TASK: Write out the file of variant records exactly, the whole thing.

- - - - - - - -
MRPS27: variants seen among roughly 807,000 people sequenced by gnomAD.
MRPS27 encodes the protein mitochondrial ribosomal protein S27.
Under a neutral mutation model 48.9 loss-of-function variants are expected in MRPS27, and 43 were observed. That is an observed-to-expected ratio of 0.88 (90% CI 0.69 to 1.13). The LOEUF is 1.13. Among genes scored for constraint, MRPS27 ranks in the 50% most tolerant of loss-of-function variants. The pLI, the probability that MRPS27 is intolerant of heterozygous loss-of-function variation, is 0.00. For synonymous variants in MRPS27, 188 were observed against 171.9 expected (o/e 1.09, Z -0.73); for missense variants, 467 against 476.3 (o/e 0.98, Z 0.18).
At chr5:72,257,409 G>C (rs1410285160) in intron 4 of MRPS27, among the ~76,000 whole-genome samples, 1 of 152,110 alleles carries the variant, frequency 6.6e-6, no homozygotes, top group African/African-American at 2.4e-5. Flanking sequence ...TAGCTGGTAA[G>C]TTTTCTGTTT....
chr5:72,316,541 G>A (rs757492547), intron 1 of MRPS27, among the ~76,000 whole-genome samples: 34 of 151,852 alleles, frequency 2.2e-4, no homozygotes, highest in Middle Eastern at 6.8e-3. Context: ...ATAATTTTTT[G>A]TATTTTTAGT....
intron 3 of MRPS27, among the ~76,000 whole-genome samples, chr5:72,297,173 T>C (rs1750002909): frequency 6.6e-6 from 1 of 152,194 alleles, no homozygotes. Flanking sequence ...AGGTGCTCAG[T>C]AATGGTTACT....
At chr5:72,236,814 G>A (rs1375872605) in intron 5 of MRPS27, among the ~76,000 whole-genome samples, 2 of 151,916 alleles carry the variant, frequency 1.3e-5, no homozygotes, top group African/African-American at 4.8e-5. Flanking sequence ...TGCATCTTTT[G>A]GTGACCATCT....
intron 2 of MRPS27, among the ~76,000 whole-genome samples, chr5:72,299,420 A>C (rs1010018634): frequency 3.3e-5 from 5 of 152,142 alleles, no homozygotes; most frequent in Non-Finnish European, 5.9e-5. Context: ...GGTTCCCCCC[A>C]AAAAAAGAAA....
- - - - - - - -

MRPS27: variants seen among roughly 807,000 people sequenced by gnomAD.
MRPS27 encodes the protein mitochondrial ribosomal protein S27.
Under a neutral mutation model 48.9 loss-of-function variants are expected in MRPS27, and 43 were observed. That is an observed-to-expected ratio of 0.88 (90% CI 0.69 to 1.13). The LOEUF is 1.13. Among genes scored for constraint, MRPS27 ranks in the 50% most tolerant of loss-of-function variants. The pLI, the probability that MRPS27 is intolerant of heterozygous loss-of-function variation, is 0.00. For synonymous variants in MRPS27, 188 were observed against 171.9 expected (o/e 1.09, Z -0.73); for missense variants, 467 against 476.3 (o/e 0.98, Z 0.18).
At chr5:72,257,409 G>C (rs1410285160) in intron 4 of MRPS27, among the ~76,000 whole-genome samples, 1 of 152,110 alleles carries the variant, frequency 6.6e-6, no homozygotes, top group African/African-American at 2.4e-5. Flanking sequence ...TAGCTGGTAA[G>C]TTTTCTGTTT....
chr5:72,316,541 G>A (rs757492547), intron 1 of MRPS27, among the ~76,000 whole-genome samples: 34 of 151,852 alleles, frequency 2.2e-4, no homozygotes, highest in Middle Eastern at 6.8e-3. Context: ...ATAATTTTTT[G>A]TATTTTTAGT....
intron 3 of MRPS27, among the ~76,000 whole-genome samples, chr5:72,297,173 T>C (rs1750002909): frequency 6.6e-6 from 1 of 152,194 alleles, no homozygotes. Flanking sequence ...AGGTGCTCAG[T>C]AATGGTTACT....
At chr5:72,236,814 G>A (rs1375872605) in intron 5 of MRPS27, among the ~76,000 whole-genome samples, 2 of 151,916 alleles carry the variant, frequency 1.3e-5, no homozygotes, top group African/African-American at 4.8e-5. Flanking sequence ...TGCATCTTTT[G>A]GTGACCATCT....
intron 2 of MRPS27, among the ~76,000 whole-genome samples, chr5:72,299,420 A>C (rs1010018634): frequency 3.3e-5 from 5 of 152,142 alleles, no homozygotes; most frequent in Non-Finnish European, 5.9e-5. Context: ...GGTTCCCCCC[A>C]AAAAAAGAAA....